Not to be thwarted, I got out my trusty iPhone and Google translate app to decipher this mess. Some of them were straight forward translations:

Leeks I can understand…

Other translations were a bit more concerning…I decided maybe I wouldn’t plant this one:

West’s Corpse? That can’t be good.

Others intrigued me, but not enough to plant them…at least not yet:

Chicken Feathers? Is that a real thing? Szechwan style?

In any case I ordered them all in March and April and they didn’t start showing up until late May. I was pretty sure my season was a bust until a friend (thanks Terri P!) offered up some tomato, pepper and pumpkin starts. I hastily accepted and I’m very grateful. I did plant a bunch of starts from the Chinese seeds though, as I didn’t have many options at the time.

Chinese Seed starts production…

Meanwhile, among many other Covid projects, I had wanted to build some new raised beds for several years. The ones I had were rotting out and it so happened I had a pile of cedar 2×14’s that have sat unused since I decided on a gazebo rather than a pergola for my deck.

2- 10’x4′ raised beds down, 2 to go.

It took no time at all to cobble 4 big raised beds together, but getting them filled with soil took over a month for delivery due to Covid. I ordered the topsoil/mushroom compost mix and waited. And waited.

Finally! My soil has arrived!

I wasted no time in planting my starts once I filled the beds up.

Dirty work done…
Starts in the ground!

While gardening is, at its most basic, a straight forward and relatively simple endeavor, toss seeds in dirt, water, weed…I am a nerd at heart and need to reach the Nth degree with most things I do. I read voraciously on whatever subject or glittery object has caught my eye…every single time.

So where dad just piled everything in a heap, called it compost and turned it once in a while, I bought one of those “fancy” compost tumblers to keep the critters away from my inviting kitchen scraps and recycled Liam’s old playpens into compost bins. Very colorful.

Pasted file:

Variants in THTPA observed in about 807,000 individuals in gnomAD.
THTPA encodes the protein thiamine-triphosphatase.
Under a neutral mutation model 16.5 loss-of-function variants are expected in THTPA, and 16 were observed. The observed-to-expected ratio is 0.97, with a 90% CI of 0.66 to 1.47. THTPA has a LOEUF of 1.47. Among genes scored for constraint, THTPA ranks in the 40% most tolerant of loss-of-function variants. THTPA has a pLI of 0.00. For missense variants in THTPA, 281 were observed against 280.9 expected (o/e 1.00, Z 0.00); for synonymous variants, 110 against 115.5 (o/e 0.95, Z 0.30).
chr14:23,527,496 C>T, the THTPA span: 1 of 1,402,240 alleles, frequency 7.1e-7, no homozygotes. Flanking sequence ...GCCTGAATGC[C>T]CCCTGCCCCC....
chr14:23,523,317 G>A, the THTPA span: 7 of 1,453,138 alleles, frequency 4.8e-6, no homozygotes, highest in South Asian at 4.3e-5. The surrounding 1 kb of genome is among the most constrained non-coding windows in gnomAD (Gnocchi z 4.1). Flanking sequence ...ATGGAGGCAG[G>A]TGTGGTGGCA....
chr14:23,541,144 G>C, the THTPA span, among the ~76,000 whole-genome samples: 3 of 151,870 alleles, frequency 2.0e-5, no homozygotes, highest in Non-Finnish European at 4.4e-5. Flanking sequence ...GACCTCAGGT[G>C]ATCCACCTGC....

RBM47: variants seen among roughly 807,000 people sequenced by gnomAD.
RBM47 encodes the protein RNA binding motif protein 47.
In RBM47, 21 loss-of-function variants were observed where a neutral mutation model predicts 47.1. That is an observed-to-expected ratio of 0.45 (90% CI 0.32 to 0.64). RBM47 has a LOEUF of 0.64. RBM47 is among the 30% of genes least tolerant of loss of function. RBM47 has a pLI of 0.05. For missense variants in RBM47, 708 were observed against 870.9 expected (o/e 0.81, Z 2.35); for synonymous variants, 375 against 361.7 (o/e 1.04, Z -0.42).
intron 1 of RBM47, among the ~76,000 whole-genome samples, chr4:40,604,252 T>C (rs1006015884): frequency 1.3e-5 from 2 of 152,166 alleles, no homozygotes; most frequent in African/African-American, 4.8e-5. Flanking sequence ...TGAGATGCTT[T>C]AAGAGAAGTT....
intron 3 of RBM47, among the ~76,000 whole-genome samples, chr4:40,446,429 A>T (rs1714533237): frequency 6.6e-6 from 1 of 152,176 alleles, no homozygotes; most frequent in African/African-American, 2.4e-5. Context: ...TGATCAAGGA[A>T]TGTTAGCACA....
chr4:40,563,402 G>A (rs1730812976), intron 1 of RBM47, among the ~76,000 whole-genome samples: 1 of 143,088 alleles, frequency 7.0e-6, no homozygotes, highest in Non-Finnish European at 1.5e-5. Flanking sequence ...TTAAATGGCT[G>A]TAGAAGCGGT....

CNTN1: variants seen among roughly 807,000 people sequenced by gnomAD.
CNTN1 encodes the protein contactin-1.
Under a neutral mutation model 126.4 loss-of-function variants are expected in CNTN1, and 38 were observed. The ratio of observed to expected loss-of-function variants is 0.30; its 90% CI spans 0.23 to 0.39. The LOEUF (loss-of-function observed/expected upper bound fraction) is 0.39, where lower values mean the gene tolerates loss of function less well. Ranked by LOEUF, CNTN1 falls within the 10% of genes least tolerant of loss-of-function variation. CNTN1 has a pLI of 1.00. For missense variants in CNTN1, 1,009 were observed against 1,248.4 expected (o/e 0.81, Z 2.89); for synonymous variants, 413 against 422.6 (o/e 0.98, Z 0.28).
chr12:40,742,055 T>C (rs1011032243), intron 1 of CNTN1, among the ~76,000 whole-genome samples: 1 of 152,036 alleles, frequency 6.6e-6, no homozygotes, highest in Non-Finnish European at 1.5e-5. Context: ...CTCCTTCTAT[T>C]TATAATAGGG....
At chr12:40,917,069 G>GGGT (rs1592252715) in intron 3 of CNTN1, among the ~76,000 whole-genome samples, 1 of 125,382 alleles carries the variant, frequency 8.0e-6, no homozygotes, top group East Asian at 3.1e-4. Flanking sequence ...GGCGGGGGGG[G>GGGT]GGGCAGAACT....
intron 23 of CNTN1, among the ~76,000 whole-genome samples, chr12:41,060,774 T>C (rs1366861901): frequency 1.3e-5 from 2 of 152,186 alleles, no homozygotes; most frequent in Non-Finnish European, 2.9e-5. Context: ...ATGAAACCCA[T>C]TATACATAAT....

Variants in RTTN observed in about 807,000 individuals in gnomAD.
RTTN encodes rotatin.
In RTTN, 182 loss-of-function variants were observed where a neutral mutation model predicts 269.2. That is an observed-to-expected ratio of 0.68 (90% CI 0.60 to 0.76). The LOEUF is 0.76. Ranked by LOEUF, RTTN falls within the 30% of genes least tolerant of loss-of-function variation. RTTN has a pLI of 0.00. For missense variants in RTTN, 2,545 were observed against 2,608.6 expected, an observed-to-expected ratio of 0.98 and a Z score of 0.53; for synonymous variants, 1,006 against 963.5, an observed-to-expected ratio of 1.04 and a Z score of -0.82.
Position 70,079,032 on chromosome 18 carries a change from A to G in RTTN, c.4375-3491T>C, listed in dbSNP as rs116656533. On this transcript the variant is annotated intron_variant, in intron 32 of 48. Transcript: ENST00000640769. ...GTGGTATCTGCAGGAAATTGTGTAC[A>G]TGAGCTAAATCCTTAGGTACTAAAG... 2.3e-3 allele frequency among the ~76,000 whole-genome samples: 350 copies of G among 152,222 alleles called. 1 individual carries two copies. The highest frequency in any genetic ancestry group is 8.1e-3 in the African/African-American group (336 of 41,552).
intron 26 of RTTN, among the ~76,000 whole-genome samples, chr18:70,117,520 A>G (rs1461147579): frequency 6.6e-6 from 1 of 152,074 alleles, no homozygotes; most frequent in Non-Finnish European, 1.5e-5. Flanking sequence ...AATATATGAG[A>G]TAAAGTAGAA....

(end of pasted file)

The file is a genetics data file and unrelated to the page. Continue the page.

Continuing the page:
Compost row…I can hear my dad chuckling now… “you spent money to make compost?”

But that wasn’t enough of course…if I’m going to do it I’m jumping in with both feet. These tomatoes are going to cost $100 a pound by the time I’m through.

So I also bought soil test kits, PH test meter, watering timers, more soaker hoses, hose manifolds and splitters. Doing my part to support Amazon, FedEX, UPS and the Postal Service.

I have long looked at yard work and gardening simply as necessary work, something you just do to maintain your property or get some better tasting produce, or because that’s “just what our family does”…but the situation this year has given me the time, wanted or not, to get back to my gardening roots and again find enjoyment from simply watching all of it grow.

I have never bothered to take photos of my garden in the past, and neither did my parents. It was just part of life. It seems crazy to me that so much of my parents time was devoted to growing things, and there is so little record of it other than these memories.

So snapping photos of my efforts along the way to serve as a record of what happened for next year has been a bonus…it’s pretty cool to look back and watch it all come together and compare then and now pics. Maybe it will serve as motivation for next season when this pandemic is over and life returns to “normal”…whatever that might look like. If nothing else I have done more than my part to feed the bees and squirrels.

4 thoughts on “I grow stuff, and I know things…”

  1. That was an awesome post in every sense, you sucked me and kept me reading to the end. I admire and envy your gardening efforts and those of your parents. 🌻

    Like